What are the best exercises for building lat width? Be descriptive (how many sets and reps, etc.).
What IFBB Pro has the freakiest lats? The smallest lats?
Do genetics play a role in lat development?
What body parts will help make the lat pose appear even more pronounced?
Bonus Question: What is the proper way to perform a front lat spread? Back lat spread?
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Mastering the Physique - Training the Lats
Let's talk about training! Training for bodybuilders isn't the same for every muscle group, so we need to learn more than just exercises for training each muscle - each muscle should have a different way of being trained so that you grow as fast as possible and build a developed physique! Training the lats is something that, for some of us, is especially unique.
First I'm going to go into what exercises are best for widening the back. I will also throw in the distinction between width and thickness movements. You can read about the lat development that you can find in the IFBB Professional bodybuilding circle, and genetics in lat building. Finally, I will talk about how to get that V-Taper look by manipulating the physique, and touch on posing.
Back Training's Bread & Butter: Exercises
The best exercises for lat width are movements that work on a vertical plane, usually. There are also some exercises that work on a horizontal plane that are effective for width, too. Horizontal movements such as rows generally feed the back's thickness while vertical movements such as chins cause width to improve in the lats. There are also one or two movements that work somewhere in-between being strictly vertical or strictly horizontal pulling.
Chins & Pull-Ups:
The first movement that comes to mind for building the lats is chin-ups or pull-ups (both are pretty much the same). Advanced bodybuilders will be able to perform these with ease and are probably used to using extra weight on a dip belt or with a dumbbell between the feet when performing chins.
Intermediate bodybuilders are probably good for ten to twelve solid pull-ups and will sometimes be able to add weight.
Bodybuilders who are just starting will have a very hard time with the pull-ups, because it is just your entire bodyweight being moved by your arms and back, and you probably aren't strong enough to really perform well at pull-ups yet.
No matter who is performing them though, chins are a great lat builder. Advanced bodybuilders have many ways to go with chins. Since your body weight alone is so easy to do chins and pull-ups with, you can manipulate your grip and see which style of chins and pull-ups you like best.
There are several handles for chins and pull-ups. You can try using the V-bar handle by hanging it over the pullup bar like you might see in a long bar row, which I will talk about later.
You can use very wide grips, do partial reps at the bottom or top of the movement to really pump up the lats, and maybe even go for a one-armed chin or pull-up and build each side of the back individually.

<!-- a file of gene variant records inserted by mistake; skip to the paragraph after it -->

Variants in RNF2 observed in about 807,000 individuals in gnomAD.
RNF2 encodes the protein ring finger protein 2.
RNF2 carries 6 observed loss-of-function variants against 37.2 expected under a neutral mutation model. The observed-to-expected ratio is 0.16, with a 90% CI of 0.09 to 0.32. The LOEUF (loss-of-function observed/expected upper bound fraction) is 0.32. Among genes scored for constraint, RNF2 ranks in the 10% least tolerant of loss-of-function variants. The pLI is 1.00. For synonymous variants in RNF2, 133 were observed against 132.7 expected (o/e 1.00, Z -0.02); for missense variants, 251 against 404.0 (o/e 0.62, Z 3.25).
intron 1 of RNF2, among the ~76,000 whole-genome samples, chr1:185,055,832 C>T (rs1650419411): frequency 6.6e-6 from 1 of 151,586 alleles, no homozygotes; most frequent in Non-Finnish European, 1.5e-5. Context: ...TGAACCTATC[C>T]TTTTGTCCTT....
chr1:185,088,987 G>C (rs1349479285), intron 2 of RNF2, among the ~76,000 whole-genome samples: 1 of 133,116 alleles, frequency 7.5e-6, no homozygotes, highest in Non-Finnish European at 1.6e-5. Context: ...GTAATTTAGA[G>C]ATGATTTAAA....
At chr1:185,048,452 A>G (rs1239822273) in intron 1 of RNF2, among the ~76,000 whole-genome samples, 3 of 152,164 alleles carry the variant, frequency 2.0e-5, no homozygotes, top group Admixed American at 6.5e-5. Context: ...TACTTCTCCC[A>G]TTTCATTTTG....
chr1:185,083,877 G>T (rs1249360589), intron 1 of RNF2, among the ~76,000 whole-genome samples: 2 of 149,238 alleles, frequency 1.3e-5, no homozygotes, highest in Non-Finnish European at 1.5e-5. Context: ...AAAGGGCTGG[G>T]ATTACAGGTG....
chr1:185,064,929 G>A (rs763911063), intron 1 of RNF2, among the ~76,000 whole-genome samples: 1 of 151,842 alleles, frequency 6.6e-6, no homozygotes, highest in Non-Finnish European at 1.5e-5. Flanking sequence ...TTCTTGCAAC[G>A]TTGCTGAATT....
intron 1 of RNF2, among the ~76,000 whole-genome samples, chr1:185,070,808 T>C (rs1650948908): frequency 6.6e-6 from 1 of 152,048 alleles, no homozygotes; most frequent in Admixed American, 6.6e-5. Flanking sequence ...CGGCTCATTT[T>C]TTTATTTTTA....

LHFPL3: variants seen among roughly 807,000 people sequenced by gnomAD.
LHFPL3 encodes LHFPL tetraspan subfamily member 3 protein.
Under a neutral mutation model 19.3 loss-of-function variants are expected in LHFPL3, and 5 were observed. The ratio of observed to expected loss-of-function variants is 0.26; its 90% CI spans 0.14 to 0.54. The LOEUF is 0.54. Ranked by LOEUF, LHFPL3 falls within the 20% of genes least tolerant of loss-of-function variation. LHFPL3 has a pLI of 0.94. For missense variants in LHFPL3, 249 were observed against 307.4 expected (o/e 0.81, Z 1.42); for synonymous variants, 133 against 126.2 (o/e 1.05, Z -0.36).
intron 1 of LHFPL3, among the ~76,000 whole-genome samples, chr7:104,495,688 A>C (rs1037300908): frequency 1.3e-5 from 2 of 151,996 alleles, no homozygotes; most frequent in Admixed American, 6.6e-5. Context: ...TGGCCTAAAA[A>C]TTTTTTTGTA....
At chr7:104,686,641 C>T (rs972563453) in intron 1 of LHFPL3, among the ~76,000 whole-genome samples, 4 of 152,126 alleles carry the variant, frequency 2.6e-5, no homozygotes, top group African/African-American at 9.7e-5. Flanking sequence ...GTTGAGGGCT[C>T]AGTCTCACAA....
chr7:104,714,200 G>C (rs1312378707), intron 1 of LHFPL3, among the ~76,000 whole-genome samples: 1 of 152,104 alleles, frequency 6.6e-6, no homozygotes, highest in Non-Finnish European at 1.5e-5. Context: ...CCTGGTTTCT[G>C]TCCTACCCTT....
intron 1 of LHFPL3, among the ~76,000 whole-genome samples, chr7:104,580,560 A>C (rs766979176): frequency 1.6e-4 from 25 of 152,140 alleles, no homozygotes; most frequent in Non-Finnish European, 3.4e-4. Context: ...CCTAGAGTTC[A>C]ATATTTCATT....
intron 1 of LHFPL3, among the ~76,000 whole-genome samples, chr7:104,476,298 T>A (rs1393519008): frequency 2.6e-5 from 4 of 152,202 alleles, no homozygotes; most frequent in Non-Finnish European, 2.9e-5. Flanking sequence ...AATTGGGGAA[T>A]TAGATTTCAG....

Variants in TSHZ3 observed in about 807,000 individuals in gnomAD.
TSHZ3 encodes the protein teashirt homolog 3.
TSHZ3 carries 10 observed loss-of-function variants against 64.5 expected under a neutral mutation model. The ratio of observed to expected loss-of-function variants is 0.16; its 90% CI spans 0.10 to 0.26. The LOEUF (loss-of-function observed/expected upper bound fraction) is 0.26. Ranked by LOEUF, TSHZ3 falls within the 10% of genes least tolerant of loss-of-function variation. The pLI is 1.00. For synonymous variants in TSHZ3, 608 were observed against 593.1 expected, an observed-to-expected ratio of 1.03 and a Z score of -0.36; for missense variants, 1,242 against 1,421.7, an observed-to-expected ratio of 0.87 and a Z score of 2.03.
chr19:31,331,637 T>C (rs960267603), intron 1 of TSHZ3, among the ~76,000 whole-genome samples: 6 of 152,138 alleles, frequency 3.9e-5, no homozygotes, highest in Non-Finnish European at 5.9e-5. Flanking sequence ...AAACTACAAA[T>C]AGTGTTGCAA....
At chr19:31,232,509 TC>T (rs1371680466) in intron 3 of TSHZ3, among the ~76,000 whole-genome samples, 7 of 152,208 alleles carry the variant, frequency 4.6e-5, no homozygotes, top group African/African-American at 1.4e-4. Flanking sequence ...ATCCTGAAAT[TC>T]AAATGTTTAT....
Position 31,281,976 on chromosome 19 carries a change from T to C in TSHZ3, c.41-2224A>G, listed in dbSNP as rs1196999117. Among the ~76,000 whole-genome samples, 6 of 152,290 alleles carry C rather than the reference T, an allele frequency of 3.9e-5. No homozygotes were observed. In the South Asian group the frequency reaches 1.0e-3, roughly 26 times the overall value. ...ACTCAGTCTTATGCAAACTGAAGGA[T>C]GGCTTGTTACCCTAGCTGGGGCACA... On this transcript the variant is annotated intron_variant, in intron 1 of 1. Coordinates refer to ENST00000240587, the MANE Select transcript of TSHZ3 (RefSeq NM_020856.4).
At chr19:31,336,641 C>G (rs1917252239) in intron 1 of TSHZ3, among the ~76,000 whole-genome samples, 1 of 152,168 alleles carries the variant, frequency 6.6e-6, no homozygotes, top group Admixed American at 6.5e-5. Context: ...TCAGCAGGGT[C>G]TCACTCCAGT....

You can also get the most out of chins because your back is so strong that you can pull your sternum up to the bar and manipulate time-under-tension like that.
Warmups Or Mass-building:
Once you find a style of chins and pull-ups that you prefer over the others, you can do one of two things - use that exercise as a warm-up for the back and biceps and use 3-4 sets of 8 reps to get the blood pumping, or treat it as a real mass-building movement and put a dumbbell between the ankles and work heavy in the 4-8 rep range after a warm-up. Advanced bodybuilders definitely have a lot of options for chins, because they can treat them like any other exercise.
Intermediate bodybuilders will have more trouble with chins, though. At an intermediate level, you will probably work with your bodyweight or adding five to twenty-five pounds of extra weight on very heavy sets. You are really limited to regular pull-ups or chins, because those two basic movements are hard enough for you.
You could try changing it up with variations in grip width and using different bars for the movement, but it would be best to just stick with regular pull-ups and chins. You will need to work on the pulldown machine to perform a thorough warm-up without tiring yourself out, and then you can do this movement early in the workout, adding weight if necessary to stay in the 4-8 rep range.
Most intermediate bodybuilders will probably have trouble doing these properly AFTER many other exercises, so fit them in early in the workout, and stick to the basics - A, B and C.
Beginning bodybuilders are the lifters that will be lucky to get 3 chins on a good day. This can be due to a lack of strength, or maybe you are carrying some extra body fat around that you shouldn't be. Either way, these are some things that will be sorted out quickly if you are consistent with lifting, and you can become a great chinner.